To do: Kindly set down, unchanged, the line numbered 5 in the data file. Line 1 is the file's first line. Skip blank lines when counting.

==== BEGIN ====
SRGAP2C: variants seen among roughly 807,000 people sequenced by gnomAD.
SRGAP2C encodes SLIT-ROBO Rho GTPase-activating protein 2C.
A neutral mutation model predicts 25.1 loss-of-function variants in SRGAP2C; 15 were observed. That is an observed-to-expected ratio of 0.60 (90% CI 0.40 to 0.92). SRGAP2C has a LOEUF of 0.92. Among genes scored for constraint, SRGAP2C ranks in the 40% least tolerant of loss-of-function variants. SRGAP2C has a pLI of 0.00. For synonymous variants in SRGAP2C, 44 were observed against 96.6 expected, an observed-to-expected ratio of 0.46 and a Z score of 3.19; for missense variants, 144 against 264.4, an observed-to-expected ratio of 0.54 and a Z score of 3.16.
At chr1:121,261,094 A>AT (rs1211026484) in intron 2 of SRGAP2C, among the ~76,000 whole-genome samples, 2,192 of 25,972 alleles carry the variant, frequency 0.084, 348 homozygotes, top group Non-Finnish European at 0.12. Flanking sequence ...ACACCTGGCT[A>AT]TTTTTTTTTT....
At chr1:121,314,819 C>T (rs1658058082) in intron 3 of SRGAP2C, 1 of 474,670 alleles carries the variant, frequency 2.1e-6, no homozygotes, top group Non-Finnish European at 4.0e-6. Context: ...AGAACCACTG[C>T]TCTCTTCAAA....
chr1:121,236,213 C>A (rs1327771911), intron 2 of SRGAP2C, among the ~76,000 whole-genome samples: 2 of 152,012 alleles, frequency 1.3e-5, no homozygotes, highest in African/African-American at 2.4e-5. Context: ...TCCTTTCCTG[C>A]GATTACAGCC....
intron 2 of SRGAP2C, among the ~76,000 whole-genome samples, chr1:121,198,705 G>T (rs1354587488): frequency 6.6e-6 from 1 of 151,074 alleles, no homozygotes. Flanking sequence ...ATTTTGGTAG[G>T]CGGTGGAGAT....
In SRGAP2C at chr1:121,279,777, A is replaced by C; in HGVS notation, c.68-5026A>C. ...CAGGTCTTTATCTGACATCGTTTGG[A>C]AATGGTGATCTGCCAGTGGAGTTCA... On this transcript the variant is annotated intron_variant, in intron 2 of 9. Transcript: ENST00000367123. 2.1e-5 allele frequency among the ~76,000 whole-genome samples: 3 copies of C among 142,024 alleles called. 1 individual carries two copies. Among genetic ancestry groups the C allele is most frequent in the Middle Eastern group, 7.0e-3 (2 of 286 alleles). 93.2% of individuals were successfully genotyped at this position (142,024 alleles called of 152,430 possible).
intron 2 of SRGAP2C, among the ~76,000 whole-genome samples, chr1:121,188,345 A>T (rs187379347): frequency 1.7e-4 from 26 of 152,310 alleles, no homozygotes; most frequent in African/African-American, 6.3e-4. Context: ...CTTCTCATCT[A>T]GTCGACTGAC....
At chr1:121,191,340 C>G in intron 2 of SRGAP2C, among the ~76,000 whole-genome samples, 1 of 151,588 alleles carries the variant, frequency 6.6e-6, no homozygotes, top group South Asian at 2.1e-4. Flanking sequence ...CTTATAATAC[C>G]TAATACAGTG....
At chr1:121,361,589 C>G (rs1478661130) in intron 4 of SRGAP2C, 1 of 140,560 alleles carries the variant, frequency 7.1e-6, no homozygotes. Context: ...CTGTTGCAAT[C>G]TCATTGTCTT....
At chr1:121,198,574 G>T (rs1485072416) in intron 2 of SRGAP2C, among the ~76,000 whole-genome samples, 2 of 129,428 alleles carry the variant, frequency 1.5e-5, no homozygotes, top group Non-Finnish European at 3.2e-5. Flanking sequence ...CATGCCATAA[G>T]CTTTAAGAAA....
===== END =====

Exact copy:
At chr1:121,314,819 C>T (rs1658058082) in intron 3 of SRGAP2C, 1 of 474,670 alleles carries the variant, frequency 2.1e-6, no homozygotes, top group Non-Finnish European at 4.0e-6. Context: ...AGAACCACTG[C>T]TCTCTTCAAA....